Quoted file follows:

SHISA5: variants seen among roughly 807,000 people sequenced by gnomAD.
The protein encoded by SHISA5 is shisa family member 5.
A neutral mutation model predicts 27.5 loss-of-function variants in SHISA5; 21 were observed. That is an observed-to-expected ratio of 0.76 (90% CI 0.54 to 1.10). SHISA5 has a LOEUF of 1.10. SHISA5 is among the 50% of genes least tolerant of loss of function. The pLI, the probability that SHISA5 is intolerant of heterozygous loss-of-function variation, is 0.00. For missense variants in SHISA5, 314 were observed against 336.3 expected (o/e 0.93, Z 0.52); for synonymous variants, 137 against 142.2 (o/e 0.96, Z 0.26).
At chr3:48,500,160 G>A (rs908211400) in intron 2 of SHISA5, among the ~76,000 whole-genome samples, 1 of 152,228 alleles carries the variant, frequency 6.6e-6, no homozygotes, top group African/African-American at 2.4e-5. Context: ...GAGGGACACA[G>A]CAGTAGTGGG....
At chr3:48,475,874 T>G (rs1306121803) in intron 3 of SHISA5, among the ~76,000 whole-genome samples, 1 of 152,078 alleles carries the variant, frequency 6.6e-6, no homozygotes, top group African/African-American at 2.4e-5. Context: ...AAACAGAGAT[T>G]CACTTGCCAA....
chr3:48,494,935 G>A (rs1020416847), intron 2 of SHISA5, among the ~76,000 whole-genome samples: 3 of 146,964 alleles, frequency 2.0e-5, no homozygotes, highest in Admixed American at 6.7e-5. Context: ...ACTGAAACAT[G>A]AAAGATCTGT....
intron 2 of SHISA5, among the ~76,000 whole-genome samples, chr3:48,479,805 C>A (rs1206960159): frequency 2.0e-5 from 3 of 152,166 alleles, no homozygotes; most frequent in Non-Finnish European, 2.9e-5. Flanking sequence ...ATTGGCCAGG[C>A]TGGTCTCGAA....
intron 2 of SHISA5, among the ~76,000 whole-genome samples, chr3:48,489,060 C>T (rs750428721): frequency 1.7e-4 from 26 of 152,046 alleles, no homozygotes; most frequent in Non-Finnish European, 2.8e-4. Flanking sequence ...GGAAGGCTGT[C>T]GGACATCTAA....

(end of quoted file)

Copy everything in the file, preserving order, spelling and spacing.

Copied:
SHISA5: variants seen among roughly 807,000 people sequenced by gnomAD.
The protein encoded by SHISA5 is shisa family member 5.
A neutral mutation model predicts 27.5 loss-of-function variants in SHISA5; 21 were observed. That is an observed-to-expected ratio of 0.76 (90% CI 0.54 to 1.10). SHISA5 has a LOEUF of 1.10. SHISA5 is among the 50% of genes least tolerant of loss of function. The pLI, the probability that SHISA5 is intolerant of heterozygous loss-of-function variation, is 0.00. For missense variants in SHISA5, 314 were observed against 336.3 expected (o/e 0.93, Z 0.52); for synonymous variants, 137 against 142.2 (o/e 0.96, Z 0.26).
At chr3:48,500,160 G>A (rs908211400) in intron 2 of SHISA5, among the ~76,000 whole-genome samples, 1 of 152,228 alleles carries the variant, frequency 6.6e-6, no homozygotes, top group African/African-American at 2.4e-5. Context: ...GAGGGACACA[G>A]CAGTAGTGGG....
At chr3:48,475,874 T>G (rs1306121803) in intron 3 of SHISA5, among the ~76,000 whole-genome samples, 1 of 152,078 alleles carries the variant, frequency 6.6e-6, no homozygotes, top group African/African-American at 2.4e-5. Context: ...AAACAGAGAT[T>G]CACTTGCCAA....
chr3:48,494,935 G>A (rs1020416847), intron 2 of SHISA5, among the ~76,000 whole-genome samples: 3 of 146,964 alleles, frequency 2.0e-5, no homozygotes, highest in Admixed American at 6.7e-5. Context: ...ACTGAAACAT[G>A]AAAGATCTGT....
intron 2 of SHISA5, among the ~76,000 whole-genome samples, chr3:48,479,805 C>A (rs1206960159): frequency 2.0e-5 from 3 of 152,166 alleles, no homozygotes; most frequent in Non-Finnish European, 2.9e-5. Flanking sequence ...ATTGGCCAGG[C>A]TGGTCTCGAA....
intron 2 of SHISA5, among the ~76,000 whole-genome samples, chr3:48,489,060 C>T (rs750428721): frequency 1.7e-4 from 26 of 152,046 alleles, no homozygotes; most frequent in Non-Finnish European, 2.8e-4. Flanking sequence ...GGAAGGCTGT[C>T]GGACATCTAA....